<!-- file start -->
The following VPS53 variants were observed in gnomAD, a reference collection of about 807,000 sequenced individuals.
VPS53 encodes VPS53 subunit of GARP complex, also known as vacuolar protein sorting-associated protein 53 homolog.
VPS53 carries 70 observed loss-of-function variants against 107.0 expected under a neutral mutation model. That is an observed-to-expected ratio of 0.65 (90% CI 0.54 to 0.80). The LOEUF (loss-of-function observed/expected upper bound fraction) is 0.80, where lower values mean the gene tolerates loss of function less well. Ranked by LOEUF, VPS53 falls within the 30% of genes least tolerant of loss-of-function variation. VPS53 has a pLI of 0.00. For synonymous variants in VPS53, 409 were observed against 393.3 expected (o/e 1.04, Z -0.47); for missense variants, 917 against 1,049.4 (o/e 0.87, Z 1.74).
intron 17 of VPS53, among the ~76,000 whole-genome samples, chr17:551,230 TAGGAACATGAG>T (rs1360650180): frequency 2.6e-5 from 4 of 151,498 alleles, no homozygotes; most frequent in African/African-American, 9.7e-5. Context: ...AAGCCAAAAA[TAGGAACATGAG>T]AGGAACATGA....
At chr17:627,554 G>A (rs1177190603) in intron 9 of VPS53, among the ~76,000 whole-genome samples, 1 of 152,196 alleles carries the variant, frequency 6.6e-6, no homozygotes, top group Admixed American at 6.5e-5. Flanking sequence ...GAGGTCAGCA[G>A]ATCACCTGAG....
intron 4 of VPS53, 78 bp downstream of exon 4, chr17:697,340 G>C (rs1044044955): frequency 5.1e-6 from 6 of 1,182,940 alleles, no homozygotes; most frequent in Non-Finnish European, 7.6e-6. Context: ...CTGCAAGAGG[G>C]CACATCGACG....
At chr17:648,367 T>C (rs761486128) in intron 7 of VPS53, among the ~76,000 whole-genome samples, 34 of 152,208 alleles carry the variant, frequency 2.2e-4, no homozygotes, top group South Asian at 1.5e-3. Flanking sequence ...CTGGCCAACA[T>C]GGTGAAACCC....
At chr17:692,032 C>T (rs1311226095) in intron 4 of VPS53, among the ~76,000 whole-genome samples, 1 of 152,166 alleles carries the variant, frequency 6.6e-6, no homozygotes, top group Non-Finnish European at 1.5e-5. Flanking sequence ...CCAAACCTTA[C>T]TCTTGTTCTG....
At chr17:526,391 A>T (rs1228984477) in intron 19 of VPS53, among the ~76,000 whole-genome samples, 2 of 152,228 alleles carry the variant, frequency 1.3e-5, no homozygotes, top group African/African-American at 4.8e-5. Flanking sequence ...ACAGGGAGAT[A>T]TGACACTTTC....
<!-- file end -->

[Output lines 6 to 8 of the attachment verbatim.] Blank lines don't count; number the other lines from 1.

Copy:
intron 4 of VPS53, 78 bp downstream of exon 4, chr17:697,340 G>C (rs1044044955): frequency 5.1e-6 from 6 of 1,182,940 alleles, no homozygotes; most frequent in Non-Finnish European, 7.6e-6. Context: ...CTGCAAGAGG[G>C]CACATCGACG....
At chr17:648,367 T>C (rs761486128) in intron 7 of VPS53, among the ~76,000 whole-genome samples, 34 of 152,208 alleles carry the variant, frequency 2.2e-4, no homozygotes, top group South Asian at 1.5e-3. Flanking sequence ...CTGGCCAACA[T>C]GGTGAAACCC....
At chr17:692,032 C>T (rs1311226095) in intron 4 of VPS53, among the ~76,000 whole-genome samples, 1 of 152,166 alleles carries the variant, frequency 6.6e-6, no homozygotes, top group Non-Finnish European at 1.5e-5. Flanking sequence ...CCAAACCTTA[C>T]TCTTGTTCTG....